Abbott's Anti-Closed Shop Stance
For once, state employment law trumps federal rules on closed shop agreements
By Richard Whittaker,
11:35AM, Tue. Aug. 14, 2007
When is a federal facility not a federal facility? When they use private contract security, seemingly.
Attorney General Greg Abbott announced on Friday he gained permanent injunctions against security firms Deco-Akal JV and Asset Protection and Security Services, and the International Union of Security, Police, and Fire Professionals of America. They'd been operating under a closed shop agreement to provide security staff at two Bureau of Immigration and Customs Enforcement Service centers - Deko-Akal at the El Paso processing center and Asset Protection at the Los Fresnos Detention Facility in Bayview.
They'd been doing this under what's legally known as the federal enclave exception. Layperson's terms: that's when a federal facility is excluded from a whole swath of state and local laws. Now generally this has been applied to shield the feds from local oversight, like the way that the famous Groom Lake (aka Area 51 to the conspiracy-minded out there) testing facility in Nevada is functionally invisible to state law. This can also extend to businesses that operate on those sites: for example, if a firm leases a federal facility, they may not have to pay local property taxes.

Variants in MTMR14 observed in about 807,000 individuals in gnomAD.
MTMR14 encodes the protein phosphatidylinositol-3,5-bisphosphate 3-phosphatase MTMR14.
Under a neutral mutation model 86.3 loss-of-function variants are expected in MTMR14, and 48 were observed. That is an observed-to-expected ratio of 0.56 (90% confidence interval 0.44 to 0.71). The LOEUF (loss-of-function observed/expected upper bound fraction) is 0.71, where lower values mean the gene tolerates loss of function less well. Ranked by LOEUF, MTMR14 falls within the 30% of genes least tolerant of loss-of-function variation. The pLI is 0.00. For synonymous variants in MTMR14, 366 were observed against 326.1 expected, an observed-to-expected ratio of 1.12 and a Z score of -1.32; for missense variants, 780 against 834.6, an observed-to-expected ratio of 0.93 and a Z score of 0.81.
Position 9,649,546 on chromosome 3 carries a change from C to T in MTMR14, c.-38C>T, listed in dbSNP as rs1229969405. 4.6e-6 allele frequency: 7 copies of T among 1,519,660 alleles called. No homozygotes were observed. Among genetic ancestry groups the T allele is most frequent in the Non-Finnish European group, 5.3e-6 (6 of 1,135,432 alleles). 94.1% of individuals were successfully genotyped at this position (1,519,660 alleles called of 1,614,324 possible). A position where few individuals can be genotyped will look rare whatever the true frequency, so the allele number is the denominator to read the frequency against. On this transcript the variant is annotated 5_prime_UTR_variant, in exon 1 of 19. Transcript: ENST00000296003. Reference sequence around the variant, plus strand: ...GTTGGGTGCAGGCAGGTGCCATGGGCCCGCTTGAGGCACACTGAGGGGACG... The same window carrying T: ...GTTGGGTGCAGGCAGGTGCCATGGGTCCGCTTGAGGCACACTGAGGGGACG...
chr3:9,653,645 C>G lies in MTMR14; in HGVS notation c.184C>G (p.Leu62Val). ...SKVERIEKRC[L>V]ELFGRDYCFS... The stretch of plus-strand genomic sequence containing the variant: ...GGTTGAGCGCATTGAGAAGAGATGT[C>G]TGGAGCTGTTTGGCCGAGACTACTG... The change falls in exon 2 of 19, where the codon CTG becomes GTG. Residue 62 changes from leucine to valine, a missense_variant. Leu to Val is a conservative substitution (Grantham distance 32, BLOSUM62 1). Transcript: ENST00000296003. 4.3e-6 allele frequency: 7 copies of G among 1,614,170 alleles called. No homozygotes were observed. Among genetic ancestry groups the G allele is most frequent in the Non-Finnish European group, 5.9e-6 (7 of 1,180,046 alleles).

Abbott had contended that, even though both sites were run by ICE, they weren't really federal enclaves, making the closed shop agreements illegal under the Texas "Right to Work" law. It seems that the 117th Judicial District Court in Nueces County and the 171st in El Paso agreed with him.